The rise of groups like the Camba Nation have clear implications for Bolivia. The clearest is the disintegration of the nation as it is. What the Camba Nation seems to be looking for, according to what they say, is: Autonomy and Self Determination. Even though, they do not specifically mention their intention to secede, they do not say the contrary either. The principal goal is self rule. But, this self rule or auto-determination is a step towards independence.

They further make their case by expressing openly, and in hostile words, their disapproval of the concentration of power in La Paz. They also feel exploited and colonized by the central government.

How is this going to play in the national context?

One immediate result would be that of other regions in Bolivia, like the chapacos, or the cochabambinos or the orurenos (can be anyone) making the same claims and starting similar movements, that is if they haven't already done so.

A second result would be to provide with some legitimacy other similar movements like the Movement without Land (MST) or the Aymara or Quetchua nation....

A third result would be to increase social instability within the territory.

One last result would lead to the erosion of power and control of the central government over the national territory. This is accompanied by the weakening of the rule of law.

Bolivians, are embarking in turbulent and unknown waters, which may lead them into the destruction of what all Bolivians have fought since 1825. There are already alarmed voices in the world pointing to signs in these turbulent times.

What is Bolivia, as a country, gearing towards to?

June 18, 2004

Taking the law in their own hands: Communal Justice

MABB is a registered TM.

Is Bolivian democracy disintegrating little by little? Has the government lost the ability to apply law and order upon the entire territory?

It seems that the Mesa administration has indeed lost control of Bolivian territory. It also seems, it has lost the respect of the population and the moral authority it needs to govern.

Now more than ever, we are seeing examples of groups of people (be it a political party, civil organizations, or population in certain regions) taking actions that make the central government, at times, irrelevant.

The latest example we can observe is in the town of Ayo-Ayo, 85 km from La Paz (52.8 miles). On monday, June 14, 2004, the Mayor of Ayo-Ayo (Altamirano Calle) was kidnapped, beaten and murdered. According to several people close to the family and to family members as well, there are several suspects to be investigated. One of them, Saturnino Apaza is already in custody.

However, several civic groups in and around Ayo-Ayo as well as La Paz, blame what they call the "corrupt authorities" of the government. Moreover, they speak of Communal Justice, as a form of justice pertinent in their towns.

In essence, the facts are: a crime committed by a radical group aginst a local authority. The perpetrators are somehow vindicated by the so called "communal justice". The central government ends up being the guilty party. Guilty of what? The crime or ineptitude?

As if that would not be enough, community leaders backed by other organizations active in the region, have given Mesa, one more last "ultimatum". Either he complies to their demands, which some of them are a bit irrational, or they will blow up an electricity tower, cut the flow of a gas pipe (both supplying energy to La Paz) and will block the road between Oruro and La Paz.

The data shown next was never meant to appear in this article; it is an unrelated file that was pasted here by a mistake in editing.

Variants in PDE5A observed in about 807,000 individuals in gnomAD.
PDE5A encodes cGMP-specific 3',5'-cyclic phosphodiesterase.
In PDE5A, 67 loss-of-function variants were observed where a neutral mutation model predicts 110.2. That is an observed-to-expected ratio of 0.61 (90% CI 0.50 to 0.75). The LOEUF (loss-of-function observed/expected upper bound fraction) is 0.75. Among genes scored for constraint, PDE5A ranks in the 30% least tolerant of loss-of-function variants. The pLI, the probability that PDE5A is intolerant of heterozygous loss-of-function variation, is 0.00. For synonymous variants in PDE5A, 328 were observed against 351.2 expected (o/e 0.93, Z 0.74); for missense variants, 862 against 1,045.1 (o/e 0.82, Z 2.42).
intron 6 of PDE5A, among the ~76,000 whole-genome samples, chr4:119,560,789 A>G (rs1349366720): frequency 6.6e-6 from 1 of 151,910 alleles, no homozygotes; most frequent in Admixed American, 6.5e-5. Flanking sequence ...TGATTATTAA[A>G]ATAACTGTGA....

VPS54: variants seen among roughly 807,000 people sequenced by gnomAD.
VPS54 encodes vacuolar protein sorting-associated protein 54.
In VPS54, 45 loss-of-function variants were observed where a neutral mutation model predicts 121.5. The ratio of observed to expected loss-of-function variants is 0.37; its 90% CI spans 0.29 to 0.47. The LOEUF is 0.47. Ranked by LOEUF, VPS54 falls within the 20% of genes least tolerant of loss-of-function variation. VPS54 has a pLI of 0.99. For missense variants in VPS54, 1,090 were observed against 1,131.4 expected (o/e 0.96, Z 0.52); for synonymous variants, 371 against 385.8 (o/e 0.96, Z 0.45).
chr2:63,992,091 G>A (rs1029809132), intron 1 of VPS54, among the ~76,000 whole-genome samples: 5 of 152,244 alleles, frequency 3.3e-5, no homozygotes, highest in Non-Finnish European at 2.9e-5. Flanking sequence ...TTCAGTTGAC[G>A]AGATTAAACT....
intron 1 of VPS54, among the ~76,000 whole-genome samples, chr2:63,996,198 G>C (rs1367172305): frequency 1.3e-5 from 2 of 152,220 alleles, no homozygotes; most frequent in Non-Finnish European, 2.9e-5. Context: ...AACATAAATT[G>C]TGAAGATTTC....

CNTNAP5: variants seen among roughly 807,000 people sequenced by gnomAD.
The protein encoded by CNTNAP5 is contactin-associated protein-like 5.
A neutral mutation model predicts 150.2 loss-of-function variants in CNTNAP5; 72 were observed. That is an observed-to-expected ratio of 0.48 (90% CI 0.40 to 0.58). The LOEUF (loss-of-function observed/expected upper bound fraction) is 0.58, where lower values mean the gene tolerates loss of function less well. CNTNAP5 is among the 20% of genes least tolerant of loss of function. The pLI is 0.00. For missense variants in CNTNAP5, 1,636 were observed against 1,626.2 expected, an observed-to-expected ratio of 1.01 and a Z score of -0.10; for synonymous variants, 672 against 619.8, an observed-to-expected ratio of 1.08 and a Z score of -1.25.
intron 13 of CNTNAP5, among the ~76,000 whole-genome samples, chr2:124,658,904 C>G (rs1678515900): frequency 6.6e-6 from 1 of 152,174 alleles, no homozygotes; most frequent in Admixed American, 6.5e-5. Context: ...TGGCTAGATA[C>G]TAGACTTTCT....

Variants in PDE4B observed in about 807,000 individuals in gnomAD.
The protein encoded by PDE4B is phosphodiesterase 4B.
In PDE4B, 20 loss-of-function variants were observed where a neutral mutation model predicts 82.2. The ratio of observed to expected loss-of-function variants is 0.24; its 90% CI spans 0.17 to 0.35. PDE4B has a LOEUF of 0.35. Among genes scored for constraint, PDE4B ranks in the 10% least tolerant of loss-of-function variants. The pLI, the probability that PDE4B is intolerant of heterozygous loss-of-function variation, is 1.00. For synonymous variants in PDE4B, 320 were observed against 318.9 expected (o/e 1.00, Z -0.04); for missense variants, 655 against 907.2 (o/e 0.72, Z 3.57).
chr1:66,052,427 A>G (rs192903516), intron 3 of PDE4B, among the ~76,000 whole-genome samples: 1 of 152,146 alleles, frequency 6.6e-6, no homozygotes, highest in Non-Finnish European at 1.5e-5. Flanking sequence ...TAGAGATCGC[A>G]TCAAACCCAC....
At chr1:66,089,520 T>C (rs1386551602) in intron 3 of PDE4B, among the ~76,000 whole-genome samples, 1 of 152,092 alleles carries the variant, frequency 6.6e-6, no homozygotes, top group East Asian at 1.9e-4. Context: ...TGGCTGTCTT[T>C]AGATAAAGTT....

The demands are: to free the only suspect of the crime, and to bring to justice several alleged "corrupt officials" from the local and central government, among others.

Such acts, are becoming a general practice in this struggle between the social movements and the government.

For example, a group of indigenous people who are members of the Santa Cruz Federation of Neighbors and Undocumented, have started a hunger strike and plan to crucify themselves with real nails if the government does not give them papers, employment and a place to live.

Another example, is the radicalism of the inhabitants of various Potosi communities. According to a report by El Diario (La Paz newspaper)such communities are considering applying "community justice" to their own authorities. This is in response to unheard reports of local authorities' alleged corruption filed by several groups.

This is a trend sure to lead up to disastrous consequences, not only for the Bolivian government, but for the population in general. The Ayo-Ayo case sets a dangerous precedent for other similar communities that feel the government does not hear their calls.

June 04, 2004

Fun with US politics......with a little "liberal" touch.

MABB is a registered TM.

Here are a series of short commentaries on US politics. They were written by Al Kamen of the Washington Post.

Would GOP Go to India for Votes?

By Al Kamen
Friday, June 4, 2004; Page A21

One of the odder tales floating around these days comes from the press in India, which reports that the Republican National Committee has outsourced its fundraising and voter canvassing call centers to Noida and Gurgaon, that is, India.

A recent Hindustan Times story said an Indian company owned by HCL Technologies Ltd. ran the phone banks. It cited "HCL sources" and detailed how many teams were involved, the contract dates, how many GOP voters were called (8 million) and even what the callers were paid per hour.

The RNC flatly, totally, completely denied the allegations, which had been heavily peddled by the Democrats, saying it was an "untrue urban legend." The contract signed by the RNC and telemarketer Capital Communications Group Inc. of Mesa, Ariz., explicitly states all calls be made in the United States. And the RNC, we're told, closely monitored the contract.

Also, Sumit Bhattacharya, HCL BPO executive vice president for marketing and strategic planning, told our colleague Rama Lakshmi in New Delhi last week that "HCL BPO neither worked nor solicited contributions for any political party. We have no further comments on this matter."